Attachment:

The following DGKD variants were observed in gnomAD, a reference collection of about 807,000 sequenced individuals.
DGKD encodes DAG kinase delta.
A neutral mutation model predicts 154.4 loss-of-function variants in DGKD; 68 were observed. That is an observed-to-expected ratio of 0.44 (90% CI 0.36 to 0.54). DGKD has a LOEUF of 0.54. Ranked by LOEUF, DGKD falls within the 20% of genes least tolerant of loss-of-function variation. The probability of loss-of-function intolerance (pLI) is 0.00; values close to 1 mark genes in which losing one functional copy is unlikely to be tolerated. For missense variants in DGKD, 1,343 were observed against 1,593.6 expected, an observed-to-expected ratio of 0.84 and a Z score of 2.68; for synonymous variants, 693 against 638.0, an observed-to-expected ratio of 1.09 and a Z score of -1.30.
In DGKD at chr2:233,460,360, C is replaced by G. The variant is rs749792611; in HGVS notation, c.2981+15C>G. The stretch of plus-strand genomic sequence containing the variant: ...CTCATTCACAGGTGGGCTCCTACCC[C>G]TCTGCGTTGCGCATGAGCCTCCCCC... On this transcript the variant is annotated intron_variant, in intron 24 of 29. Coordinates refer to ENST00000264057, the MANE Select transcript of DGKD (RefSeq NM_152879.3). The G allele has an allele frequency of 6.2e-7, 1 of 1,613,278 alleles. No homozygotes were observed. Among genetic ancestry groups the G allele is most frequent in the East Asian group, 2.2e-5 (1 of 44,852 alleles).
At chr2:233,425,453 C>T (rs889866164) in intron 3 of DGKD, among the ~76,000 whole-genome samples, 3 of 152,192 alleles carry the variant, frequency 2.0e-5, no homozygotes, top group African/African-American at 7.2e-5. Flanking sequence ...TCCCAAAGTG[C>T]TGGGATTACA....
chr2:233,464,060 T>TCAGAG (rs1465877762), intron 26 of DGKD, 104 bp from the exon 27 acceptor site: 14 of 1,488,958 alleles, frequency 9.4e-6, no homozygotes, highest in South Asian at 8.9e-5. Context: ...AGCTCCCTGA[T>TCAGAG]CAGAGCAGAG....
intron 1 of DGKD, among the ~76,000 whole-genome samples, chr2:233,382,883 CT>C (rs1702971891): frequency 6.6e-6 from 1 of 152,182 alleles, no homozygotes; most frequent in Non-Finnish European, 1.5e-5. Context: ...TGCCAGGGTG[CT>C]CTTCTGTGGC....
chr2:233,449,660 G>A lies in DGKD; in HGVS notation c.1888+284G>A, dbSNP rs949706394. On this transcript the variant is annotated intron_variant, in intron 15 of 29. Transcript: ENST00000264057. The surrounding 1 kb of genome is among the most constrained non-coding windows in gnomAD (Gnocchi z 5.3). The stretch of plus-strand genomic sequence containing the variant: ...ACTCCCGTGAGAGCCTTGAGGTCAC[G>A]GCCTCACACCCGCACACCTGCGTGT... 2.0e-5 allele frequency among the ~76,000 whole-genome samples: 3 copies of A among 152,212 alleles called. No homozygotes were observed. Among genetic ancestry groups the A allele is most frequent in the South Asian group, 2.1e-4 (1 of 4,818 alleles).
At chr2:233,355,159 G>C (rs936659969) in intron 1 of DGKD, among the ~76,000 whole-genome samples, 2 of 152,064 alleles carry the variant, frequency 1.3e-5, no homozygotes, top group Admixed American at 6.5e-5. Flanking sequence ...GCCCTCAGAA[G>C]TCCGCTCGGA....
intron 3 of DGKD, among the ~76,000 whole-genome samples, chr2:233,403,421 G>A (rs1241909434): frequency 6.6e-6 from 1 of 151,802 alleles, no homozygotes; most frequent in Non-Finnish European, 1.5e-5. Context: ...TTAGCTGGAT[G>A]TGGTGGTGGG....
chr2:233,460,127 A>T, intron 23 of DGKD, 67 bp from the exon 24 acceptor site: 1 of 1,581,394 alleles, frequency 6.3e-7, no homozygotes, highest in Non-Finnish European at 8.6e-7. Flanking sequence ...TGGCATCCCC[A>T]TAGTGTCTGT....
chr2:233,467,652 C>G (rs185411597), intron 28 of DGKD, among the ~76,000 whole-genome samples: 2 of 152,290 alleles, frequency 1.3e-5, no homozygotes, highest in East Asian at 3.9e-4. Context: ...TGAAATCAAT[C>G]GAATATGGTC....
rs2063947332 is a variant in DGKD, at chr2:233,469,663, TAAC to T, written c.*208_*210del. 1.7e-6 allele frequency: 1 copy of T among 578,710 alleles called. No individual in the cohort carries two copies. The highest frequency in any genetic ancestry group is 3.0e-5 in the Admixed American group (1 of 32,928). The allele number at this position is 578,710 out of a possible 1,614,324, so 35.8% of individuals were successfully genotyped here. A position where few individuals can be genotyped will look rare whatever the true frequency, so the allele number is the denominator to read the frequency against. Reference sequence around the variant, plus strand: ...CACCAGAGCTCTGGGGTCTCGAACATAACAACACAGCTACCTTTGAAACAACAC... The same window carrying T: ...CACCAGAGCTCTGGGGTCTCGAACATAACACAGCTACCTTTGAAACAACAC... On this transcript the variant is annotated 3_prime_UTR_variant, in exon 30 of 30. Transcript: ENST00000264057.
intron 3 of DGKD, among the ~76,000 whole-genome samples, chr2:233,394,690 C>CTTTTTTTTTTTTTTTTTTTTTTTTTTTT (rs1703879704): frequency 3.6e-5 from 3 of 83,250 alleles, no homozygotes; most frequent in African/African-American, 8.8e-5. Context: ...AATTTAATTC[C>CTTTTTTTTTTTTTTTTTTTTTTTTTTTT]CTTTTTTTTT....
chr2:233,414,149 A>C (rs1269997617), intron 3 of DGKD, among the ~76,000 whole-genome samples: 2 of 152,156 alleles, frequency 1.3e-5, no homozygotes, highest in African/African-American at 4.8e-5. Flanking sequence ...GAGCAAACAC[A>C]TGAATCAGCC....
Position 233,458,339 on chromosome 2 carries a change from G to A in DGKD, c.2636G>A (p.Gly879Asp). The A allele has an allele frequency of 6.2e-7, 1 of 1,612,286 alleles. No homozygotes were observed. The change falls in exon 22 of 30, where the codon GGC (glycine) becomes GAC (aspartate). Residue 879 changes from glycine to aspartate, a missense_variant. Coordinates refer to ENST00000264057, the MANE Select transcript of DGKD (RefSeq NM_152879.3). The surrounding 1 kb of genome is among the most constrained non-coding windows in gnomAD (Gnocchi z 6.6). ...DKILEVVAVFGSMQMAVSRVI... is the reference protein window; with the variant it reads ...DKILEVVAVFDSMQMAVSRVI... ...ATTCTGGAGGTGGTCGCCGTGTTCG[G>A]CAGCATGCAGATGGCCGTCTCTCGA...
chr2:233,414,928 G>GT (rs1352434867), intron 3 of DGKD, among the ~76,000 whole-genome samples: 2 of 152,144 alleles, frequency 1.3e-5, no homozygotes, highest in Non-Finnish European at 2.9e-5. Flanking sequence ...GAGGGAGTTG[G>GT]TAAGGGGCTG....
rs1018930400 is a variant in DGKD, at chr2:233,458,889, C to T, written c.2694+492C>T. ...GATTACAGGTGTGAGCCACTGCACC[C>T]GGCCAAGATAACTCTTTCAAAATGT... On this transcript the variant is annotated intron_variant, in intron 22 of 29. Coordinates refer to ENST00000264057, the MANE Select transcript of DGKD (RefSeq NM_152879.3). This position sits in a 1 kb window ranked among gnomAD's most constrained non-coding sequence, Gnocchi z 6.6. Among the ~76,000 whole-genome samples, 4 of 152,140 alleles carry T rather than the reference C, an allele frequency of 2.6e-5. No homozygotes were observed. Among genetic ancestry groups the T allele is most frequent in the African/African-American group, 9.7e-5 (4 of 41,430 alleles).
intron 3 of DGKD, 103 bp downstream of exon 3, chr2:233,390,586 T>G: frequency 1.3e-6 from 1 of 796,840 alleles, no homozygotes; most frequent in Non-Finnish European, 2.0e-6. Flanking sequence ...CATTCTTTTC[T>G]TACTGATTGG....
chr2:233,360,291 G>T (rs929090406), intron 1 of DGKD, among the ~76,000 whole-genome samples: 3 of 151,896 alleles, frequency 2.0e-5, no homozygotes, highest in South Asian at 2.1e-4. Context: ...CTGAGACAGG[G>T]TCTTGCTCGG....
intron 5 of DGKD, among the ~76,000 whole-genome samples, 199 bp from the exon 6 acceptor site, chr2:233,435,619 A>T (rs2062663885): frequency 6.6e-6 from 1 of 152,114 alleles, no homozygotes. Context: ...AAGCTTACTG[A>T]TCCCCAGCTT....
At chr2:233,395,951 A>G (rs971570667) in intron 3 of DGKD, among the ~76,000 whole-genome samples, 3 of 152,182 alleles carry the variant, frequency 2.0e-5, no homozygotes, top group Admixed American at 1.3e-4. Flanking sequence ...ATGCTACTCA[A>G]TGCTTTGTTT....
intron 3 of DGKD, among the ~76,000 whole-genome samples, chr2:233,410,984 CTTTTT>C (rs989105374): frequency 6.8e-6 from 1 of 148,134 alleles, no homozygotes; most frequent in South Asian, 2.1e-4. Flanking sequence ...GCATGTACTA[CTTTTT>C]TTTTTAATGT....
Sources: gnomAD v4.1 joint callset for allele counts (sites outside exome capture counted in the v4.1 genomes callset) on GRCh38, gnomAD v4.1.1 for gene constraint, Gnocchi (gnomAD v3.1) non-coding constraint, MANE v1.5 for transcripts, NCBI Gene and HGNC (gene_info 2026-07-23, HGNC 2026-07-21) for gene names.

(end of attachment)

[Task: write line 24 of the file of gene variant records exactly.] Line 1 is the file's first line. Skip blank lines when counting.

Sources: gnomAD v4.1 joint callset for allele counts (sites outside exome capture counted in the v4.1 genomes callset) on GRCh38, gnomAD v4.1.1 for gene constraint, Gnocchi (gnomAD v3.1) non-coding constraint, MANE v1.5 for transcripts, NCBI Gene and HGNC (gene_info 2026-07-23, HGNC 2026-07-21) for gene names.